Å lære sammen : en kvalitativ case-studie av elever i 9. klasse som samarbeider i par
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The theme of this master dissertation has been peer collaboration. The main goal of the study has been to illuminate factors that affect pupils working together and whether these factors can be viewed in the context of pair composition based upon student ability. The empirical data is collected in a grade 9 lower secondary school classroom. I used an ethnographic approach where a qualitative method was chosen to answer the research question. The data is gathered by video filming pupils task-related work in pairs, and interviewing the observed pupils and their teacher. The literature discussion focuses on collaborative/cooperative learning, peer tutoring and group work. This paper examined pupils sitting in pairs, working on common tasks. Many researchers define such work outside the scope of cooperative /collaborative learning and peer tutoring, and will require clear frameworks for these methods. My experiences are that the observed form of collaboration has potential for improved learning between pupils. It has been a conscious choice to point to relevant factors from well-defined methods. Research results from collaborative/ cooperative learning, peer tutoring and group work are presented and discussed in relation to my findings. To structure the data for the analysis I have chosen to use analytical categories based on research from Kieran and Dreyfus, and Mercer. These categories reveal several episodes with different potentials for learning. The data is organized in the collaborative categories defined by these researchers. In the analysis I present the pairs, different cases of interaction and a general description of pupils’ cooperation. My results indicate that composition of the pairs based on ability provides directions in their work, but there are challenges in relation to pupils' different abilities. Two high achieving students can act very differently in a collaborative work situation, students' ability to cooperate varies. Thus, composition should be based on several reasons. Cooperation should be given time, and be encouraged. Requiring homogeneous couples to work together should be considered. Trustworthiness and security allows students to more easily communicate together. Friendship is a factor that can provide to this. I suggest that it will be positive for pupils to cooperate over sustained periods to become familiar with each others' mathematical knowledge. Giving and receiving help presents challenges for pupils. There were very few learning situations with apparently high potential for learning. Based on my findings I encourage teaching pupils how to work in pairs. My data, and research on group composition, shows that a medium ability student working with a low-ability student can be difficult. I would be careful about letting these pupils work together. Kieran C, & Dreyfus, T. (1998). Collaborative versus individual problem solving: Entering another`s universe of thought. In A. Oliver & K. Newstad (Eds.) Proceedings of PME22, Vol. 3, Stellensbosch, South Afrika, University of Stellebsbosch, pp. 112-119. Mercer, N. (1995). The Guided Construction of Knowledge: Talk amongst teachers and learners (Vol. 1): Multilingual Matters Ltd.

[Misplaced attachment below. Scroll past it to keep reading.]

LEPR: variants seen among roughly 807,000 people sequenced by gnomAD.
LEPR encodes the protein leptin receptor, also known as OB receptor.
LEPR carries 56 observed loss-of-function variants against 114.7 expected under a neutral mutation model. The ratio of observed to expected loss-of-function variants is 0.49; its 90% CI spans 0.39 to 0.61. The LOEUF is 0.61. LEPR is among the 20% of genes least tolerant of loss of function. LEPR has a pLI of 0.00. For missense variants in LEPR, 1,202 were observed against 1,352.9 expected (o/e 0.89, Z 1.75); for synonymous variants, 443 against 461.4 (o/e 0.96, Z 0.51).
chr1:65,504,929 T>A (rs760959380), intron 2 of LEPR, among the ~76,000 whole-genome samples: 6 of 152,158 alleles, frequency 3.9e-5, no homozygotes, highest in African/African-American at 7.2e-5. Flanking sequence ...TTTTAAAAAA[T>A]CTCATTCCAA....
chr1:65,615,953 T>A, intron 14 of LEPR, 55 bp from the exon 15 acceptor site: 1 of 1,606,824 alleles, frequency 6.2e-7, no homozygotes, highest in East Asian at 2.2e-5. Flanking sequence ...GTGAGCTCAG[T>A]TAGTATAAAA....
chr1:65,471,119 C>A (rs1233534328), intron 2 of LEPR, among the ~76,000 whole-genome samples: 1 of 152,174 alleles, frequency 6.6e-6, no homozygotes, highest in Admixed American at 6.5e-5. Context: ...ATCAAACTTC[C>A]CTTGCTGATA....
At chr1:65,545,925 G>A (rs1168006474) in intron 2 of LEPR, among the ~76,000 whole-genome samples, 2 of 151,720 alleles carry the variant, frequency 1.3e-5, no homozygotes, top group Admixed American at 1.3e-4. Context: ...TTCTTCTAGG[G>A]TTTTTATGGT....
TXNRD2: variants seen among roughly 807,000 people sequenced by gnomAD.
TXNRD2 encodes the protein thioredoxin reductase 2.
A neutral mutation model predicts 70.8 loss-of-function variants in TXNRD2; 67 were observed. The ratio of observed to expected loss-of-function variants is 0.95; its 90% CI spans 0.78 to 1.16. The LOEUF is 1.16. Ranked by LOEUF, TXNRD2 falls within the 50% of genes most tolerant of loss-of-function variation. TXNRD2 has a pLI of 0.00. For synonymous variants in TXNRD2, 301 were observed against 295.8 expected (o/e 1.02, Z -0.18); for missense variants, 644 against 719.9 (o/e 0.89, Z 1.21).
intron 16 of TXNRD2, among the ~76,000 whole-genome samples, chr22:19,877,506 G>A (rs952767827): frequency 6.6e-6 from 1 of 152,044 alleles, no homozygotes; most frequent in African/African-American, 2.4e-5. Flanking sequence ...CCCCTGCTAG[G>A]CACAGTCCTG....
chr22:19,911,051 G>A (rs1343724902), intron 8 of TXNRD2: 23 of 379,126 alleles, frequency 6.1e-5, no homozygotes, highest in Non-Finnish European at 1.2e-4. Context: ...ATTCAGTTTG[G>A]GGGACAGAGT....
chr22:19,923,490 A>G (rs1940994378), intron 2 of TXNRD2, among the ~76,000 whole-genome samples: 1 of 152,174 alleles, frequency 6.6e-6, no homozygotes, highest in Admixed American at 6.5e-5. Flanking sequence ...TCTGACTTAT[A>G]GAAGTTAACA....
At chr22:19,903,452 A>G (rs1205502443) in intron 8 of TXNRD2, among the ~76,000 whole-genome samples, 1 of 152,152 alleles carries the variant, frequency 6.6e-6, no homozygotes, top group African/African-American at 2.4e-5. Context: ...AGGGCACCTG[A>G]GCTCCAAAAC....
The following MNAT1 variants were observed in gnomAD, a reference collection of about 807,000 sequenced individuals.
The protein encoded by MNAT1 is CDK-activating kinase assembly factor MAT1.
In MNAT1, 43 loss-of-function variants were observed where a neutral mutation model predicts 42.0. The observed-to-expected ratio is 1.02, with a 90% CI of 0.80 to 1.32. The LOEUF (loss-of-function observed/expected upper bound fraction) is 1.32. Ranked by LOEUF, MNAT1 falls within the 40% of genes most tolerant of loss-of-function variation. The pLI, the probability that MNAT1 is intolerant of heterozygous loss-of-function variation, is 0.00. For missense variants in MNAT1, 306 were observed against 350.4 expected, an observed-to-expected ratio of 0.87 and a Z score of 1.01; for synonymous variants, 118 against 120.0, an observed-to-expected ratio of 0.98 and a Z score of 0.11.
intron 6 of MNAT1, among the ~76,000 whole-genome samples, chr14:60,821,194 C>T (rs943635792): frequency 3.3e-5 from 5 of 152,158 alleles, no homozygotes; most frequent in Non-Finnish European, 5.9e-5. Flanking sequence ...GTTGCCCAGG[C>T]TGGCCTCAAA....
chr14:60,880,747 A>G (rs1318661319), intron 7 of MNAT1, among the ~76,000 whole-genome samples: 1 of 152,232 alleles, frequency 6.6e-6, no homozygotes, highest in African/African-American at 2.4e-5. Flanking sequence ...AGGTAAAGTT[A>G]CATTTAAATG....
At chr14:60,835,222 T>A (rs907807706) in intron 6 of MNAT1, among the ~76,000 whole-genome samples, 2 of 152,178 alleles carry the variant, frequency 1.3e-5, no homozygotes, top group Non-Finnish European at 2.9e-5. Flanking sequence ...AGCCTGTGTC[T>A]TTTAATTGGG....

Masteroppgave i matematikkdidaktikk- Universitetet i Agder 2011